5. Turn the dough out onto a lightly floured board, lightly flour the top of the dough. To achieve an even homogeneous crumb to your scones knead very gently about 4 or 5 times (do not press too firmly) the dough until it is smooth. To achieve a layered effect in your scones knead very gently once (do not press too firmly) then fold and turn the kneaded dough about 3 or 4 times until the dough has formed a smooth texture. (Use a floured plastic scraper to help you knead and/or fold and turn the dough if you wish.)
6. Pat or roll out the dough into a 6 inch by 4 inch rectangle by about ¾ inch thick (15¼ cm by 10 cm by 2 cm thick). Using a well-floured 2-inch (5 cm) scone cutter (biscuit cutter), stamp out without twisting six 2-inch (5 cm) rounds, gently reform the scraps into another ¾ inch (2 cm) layer and cut two more scones (these two scones will not raise as well as the others since the extra handling will slightly toughen the dough). Or use a well-floured sharp knife to form squares or wedges as you desire.
7. Place the rounds just touching on a baking dish if you wish to have soft-sided scones or place the rounds spaced widely apart on the baking dish if you wish to have crisp-sided scones. Glaze the tops with milk if you want a golden colour on your scones or lightly flour if you want a more traditional look to your scones.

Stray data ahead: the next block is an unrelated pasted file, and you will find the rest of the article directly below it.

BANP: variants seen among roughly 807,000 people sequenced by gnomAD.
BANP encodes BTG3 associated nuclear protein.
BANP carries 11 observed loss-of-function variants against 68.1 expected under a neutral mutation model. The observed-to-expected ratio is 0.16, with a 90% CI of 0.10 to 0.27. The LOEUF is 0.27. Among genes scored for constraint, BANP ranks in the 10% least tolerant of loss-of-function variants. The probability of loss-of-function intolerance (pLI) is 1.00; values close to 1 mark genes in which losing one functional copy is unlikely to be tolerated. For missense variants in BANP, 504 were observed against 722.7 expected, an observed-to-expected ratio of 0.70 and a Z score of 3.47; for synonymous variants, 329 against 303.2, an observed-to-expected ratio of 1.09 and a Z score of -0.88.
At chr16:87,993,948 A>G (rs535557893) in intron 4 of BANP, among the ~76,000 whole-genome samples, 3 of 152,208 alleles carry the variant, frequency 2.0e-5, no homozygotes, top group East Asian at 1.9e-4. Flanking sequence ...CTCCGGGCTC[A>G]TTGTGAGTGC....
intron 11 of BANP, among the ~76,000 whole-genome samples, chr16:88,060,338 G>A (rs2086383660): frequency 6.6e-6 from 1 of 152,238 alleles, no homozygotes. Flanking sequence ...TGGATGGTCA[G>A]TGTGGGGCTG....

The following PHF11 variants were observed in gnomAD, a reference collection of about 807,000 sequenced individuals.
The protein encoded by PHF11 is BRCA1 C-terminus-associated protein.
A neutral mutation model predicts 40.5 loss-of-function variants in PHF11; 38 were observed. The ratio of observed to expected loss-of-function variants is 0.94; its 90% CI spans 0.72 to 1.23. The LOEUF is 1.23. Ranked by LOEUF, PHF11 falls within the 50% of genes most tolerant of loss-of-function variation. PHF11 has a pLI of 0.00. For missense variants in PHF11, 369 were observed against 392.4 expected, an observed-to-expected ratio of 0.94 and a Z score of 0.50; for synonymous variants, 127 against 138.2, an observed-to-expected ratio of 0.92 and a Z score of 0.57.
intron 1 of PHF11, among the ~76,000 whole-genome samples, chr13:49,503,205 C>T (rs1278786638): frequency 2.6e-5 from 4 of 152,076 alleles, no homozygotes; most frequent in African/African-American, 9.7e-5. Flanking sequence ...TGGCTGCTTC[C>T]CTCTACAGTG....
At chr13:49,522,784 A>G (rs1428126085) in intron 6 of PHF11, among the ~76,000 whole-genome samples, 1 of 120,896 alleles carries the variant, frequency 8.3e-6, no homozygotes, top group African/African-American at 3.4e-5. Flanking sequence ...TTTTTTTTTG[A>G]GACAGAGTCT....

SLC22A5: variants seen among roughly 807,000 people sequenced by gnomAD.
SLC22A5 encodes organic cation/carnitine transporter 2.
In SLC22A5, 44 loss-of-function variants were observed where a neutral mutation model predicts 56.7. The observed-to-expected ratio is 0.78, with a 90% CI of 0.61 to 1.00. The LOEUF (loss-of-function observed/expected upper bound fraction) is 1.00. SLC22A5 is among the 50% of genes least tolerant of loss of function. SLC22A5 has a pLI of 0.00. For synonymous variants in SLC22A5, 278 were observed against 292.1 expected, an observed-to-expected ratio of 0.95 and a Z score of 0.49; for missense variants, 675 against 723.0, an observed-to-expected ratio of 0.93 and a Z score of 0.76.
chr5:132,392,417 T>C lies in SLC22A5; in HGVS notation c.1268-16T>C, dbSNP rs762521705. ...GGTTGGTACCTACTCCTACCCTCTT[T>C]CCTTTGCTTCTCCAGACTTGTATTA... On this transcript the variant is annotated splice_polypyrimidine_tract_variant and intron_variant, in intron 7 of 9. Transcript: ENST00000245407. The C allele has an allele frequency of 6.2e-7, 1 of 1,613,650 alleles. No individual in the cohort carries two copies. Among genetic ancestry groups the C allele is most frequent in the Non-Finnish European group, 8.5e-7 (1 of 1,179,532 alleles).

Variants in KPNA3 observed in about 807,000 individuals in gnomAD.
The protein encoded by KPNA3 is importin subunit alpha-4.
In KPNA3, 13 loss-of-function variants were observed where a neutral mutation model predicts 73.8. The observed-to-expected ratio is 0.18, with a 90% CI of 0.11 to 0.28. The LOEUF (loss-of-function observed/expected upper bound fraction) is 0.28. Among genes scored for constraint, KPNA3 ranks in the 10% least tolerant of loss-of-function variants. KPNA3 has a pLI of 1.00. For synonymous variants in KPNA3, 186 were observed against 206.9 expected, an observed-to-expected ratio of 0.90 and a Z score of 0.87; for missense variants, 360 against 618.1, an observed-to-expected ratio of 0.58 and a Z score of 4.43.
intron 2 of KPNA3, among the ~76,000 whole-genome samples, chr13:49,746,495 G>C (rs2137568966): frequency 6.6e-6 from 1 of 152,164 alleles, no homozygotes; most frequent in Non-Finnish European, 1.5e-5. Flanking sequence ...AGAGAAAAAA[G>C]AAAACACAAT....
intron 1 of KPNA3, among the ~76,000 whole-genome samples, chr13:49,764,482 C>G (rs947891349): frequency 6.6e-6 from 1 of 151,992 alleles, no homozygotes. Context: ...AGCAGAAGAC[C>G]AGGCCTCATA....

8. Bake in the preheated very hot oven for about 10 minutes (check at 8 minutes since home ovens at these high temperatures are very unreliable) until the scones are well risen and are lightly coloured on the tops. The scones are ready when the sides are set.
9. Immediately place onto cooling rack to stop the cooking process, serve while still warm.
The scones should be well risen with golden brown tops.
I think this is called a “tender crumb”. I just call it fluffy and delicious!
I made a variation of Cheese and Parsley by following the Basic recipe above but adding ¼ teaspoon of baking soda, after Step 2, 50 gm grated cheese, 25gm parmesan cheese and 2 tablespoons finely chopped parsley into the sifted ingredients, in Step 3 aim of beach sand sized pieces of fat coated in flour, in Step 5 knead the dough, form into a round and cut into wedges, spread apart slight on the baking tray, sprinkle the wedges with cracked pepper.
Cheese and Parsley Scones welcomed my hungry, teenage children home from school
On Australia Day (26th January) I converted the scone recipe to make a damper by substituting half the milk for water and only adding enough liquid to make a firm dough.
Edited 29-01-2012: Damper is a traditional Australian quick bread originally made by stockmen moving cattle who were away from home for weeks at a time with only basic provisions on hand – flour, sugar, tea and whatever meat was available. Mix quickly and bake on the campfire it accompanied the meat or was spread with golden syrup, if it was to hand. Nowdays, leavening is used along with milk and butter.   
The damper had a different crumb to that of the scone – much tighter but tender and delicious!
My son enjoy his damper with Vegemite.
Instead the rest of us enjoyed the sweet stickiness of golden syrup.

Chinese New Year. This year Chinese New Year falls on…